The most likely route to Parliament is to grow up in an affluent home, go to an affluent high school, go to university and get a degree in humanities, arts or law, become involved in a political party, work in about three office jobs, then win a seat in Parliament.

The average decile rating of MP’s high schools was 7 (that is, the 30 of schools with the lowest proportion of students from low socio-economic households). 35% of MPs went to private or integrated schools – compared to 18% of the general population.

85% of them undertook tertiary education – compared to 25% of New Zealanders. 48% of MPs have undergraduate degrees in humanities, arts of law.

MPs’ biographies suggest they generally become ‘politicised’ at university, although we didn’t specifically assemble data on when MPs joined political parties or movements.

After university, MPs are likely to work three office jobs, before becoming an MP in their early to mid-40s.

All this makes for an upbringing and work life of relative comfort, especially when compared to the people they are voted into Parliament to represent.

It is important to acknowledge that there are exceptions to the general picture, and that wealth does not equal a comfortable or sheltered path through life. Also, this picture doesn’t indicate the role of genetical inheritance, parental investment and care, and sheer individual effort and risk taking.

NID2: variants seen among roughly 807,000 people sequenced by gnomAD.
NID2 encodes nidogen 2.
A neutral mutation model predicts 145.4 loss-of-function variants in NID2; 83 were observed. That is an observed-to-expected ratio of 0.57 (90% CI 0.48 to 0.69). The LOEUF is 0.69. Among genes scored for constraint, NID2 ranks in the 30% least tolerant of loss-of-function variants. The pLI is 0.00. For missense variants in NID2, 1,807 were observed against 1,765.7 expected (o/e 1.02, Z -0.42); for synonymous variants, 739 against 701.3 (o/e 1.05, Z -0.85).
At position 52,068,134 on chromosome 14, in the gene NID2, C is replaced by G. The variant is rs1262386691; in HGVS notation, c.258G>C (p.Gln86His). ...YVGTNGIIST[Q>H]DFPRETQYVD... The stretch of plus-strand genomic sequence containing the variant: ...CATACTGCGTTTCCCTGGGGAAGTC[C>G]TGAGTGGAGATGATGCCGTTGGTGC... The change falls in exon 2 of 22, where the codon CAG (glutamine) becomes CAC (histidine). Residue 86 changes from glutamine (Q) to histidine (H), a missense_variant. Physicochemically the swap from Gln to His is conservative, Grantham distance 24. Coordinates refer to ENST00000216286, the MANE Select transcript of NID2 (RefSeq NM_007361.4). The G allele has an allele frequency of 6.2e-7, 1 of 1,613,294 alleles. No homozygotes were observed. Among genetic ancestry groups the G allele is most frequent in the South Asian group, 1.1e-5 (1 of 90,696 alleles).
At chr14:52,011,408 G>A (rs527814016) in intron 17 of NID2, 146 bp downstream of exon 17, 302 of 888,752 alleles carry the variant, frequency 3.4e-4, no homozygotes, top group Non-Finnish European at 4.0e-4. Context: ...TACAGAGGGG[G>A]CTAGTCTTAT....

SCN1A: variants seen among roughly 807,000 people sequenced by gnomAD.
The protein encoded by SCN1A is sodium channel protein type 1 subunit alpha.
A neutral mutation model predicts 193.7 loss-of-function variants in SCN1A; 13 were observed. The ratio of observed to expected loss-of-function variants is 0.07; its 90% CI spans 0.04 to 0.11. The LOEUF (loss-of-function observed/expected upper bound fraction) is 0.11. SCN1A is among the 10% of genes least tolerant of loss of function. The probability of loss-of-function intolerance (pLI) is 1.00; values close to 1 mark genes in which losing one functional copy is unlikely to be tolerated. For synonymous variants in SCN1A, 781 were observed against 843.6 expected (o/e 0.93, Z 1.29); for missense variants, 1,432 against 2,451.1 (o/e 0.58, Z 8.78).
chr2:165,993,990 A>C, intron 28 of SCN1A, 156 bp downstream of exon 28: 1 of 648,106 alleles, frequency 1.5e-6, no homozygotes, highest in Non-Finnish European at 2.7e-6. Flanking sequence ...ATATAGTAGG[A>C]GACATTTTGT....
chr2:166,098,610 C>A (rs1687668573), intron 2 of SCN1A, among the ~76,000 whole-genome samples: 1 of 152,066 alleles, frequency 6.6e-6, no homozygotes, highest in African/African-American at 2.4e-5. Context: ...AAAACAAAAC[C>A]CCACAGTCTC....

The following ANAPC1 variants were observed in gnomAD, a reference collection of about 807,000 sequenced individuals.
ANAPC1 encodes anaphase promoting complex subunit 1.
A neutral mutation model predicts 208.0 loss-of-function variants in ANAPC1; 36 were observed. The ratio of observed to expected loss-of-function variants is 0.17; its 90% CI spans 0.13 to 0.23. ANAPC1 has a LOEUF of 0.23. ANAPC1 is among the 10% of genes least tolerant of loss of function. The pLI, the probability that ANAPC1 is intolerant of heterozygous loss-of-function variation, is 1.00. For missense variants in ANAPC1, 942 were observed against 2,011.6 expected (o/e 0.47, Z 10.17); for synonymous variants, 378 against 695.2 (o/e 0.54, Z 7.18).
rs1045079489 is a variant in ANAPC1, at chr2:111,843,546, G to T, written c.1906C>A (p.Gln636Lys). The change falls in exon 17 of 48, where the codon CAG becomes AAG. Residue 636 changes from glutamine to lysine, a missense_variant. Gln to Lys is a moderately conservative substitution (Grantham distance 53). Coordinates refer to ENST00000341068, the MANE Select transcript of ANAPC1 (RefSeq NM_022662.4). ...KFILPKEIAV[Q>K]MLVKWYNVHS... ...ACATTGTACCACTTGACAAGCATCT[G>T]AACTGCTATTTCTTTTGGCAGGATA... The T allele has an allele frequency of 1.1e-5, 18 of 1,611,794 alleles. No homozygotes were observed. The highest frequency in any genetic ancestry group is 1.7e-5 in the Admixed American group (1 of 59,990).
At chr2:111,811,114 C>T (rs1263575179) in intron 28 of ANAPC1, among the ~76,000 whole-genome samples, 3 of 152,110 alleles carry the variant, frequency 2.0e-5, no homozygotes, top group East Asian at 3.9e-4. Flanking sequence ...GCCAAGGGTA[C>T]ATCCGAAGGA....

Shared topics, different opinions

No matter how easily or hard the path to Parliament was acquired, the similarity of MPs’ backgrounds, contrasted with the everyday public, means that although they may look different, and argue fiercely, they have more in common with each other than with voters.

MPs in our Parliament like intellectual and conceptual challenges – particularly in fields related to culture and society. There is less pursuit of the physical work of fields such as sciences and manufacturing.

We commonly think that our choices reflect our interests and capabilities. This is true, but we are at least as influenced by people around us. Psychological research indicates academic experience and employment shapes the way people view themselves and the world. It shapes what they talk and care about.

US research showed that the academic and work backgrounds of members of congress was reflected in the subjects they pursued in their political careers.

This means that although MPs might differ in opinions on subjects, the subjects are of common interest to them all (along with peers from public sector and media). They are not necessarily the interests of the public.

How study was conducted

Job and qualification data was gathered from MPs’ public biographies, social media, media articles, and via written responses from MPs’ offices. We also accounted for how MPs had described what their main career was, if at all.

All jobs were categorised into the career industries and roles used by the Ministry of Business, Innovation and Employment in their Occupation Outlook tool. Jobs were also separately categorised into general career groups used in our previous surveys.